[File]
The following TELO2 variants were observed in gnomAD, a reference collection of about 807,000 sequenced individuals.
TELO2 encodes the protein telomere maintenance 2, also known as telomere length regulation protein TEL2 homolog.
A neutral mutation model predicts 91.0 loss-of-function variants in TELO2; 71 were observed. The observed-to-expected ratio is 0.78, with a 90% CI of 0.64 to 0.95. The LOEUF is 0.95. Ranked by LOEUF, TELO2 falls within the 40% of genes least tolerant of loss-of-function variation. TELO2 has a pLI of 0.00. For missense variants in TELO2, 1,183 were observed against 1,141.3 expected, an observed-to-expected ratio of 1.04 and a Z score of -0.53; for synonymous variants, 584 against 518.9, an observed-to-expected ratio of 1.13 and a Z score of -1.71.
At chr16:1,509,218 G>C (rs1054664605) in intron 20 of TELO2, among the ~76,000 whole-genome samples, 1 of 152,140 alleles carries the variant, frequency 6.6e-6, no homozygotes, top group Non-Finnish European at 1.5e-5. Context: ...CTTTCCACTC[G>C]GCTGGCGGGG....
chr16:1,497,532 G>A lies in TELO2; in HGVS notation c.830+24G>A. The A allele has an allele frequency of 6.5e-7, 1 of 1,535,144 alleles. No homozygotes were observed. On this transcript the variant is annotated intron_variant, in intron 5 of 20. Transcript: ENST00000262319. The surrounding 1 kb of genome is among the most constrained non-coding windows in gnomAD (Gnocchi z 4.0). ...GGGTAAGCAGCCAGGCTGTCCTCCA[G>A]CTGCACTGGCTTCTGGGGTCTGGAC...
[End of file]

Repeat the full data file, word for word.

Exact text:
The following TELO2 variants were observed in gnomAD, a reference collection of about 807,000 sequenced individuals.
TELO2 encodes the protein telomere maintenance 2, also known as telomere length regulation protein TEL2 homolog.
A neutral mutation model predicts 91.0 loss-of-function variants in TELO2; 71 were observed. The observed-to-expected ratio is 0.78, with a 90% CI of 0.64 to 0.95. The LOEUF is 0.95. Ranked by LOEUF, TELO2 falls within the 40% of genes least tolerant of loss-of-function variation. TELO2 has a pLI of 0.00. For missense variants in TELO2, 1,183 were observed against 1,141.3 expected, an observed-to-expected ratio of 1.04 and a Z score of -0.53; for synonymous variants, 584 against 518.9, an observed-to-expected ratio of 1.13 and a Z score of -1.71.
At chr16:1,509,218 G>C (rs1054664605) in intron 20 of TELO2, among the ~76,000 whole-genome samples, 1 of 152,140 alleles carries the variant, frequency 6.6e-6, no homozygotes, top group Non-Finnish European at 1.5e-5. Context: ...CTTTCCACTC[G>C]GCTGGCGGGG....
chr16:1,497,532 G>A lies in TELO2; in HGVS notation c.830+24G>A. The A allele has an allele frequency of 6.5e-7, 1 of 1,535,144 alleles. No homozygotes were observed. On this transcript the variant is annotated intron_variant, in intron 5 of 20. Transcript: ENST00000262319. The surrounding 1 kb of genome is among the most constrained non-coding windows in gnomAD (Gnocchi z 4.0). ...GGGTAAGCAGCCAGGCTGTCCTCCA[G>A]CTGCACTGGCTTCTGGGGTCTGGAC...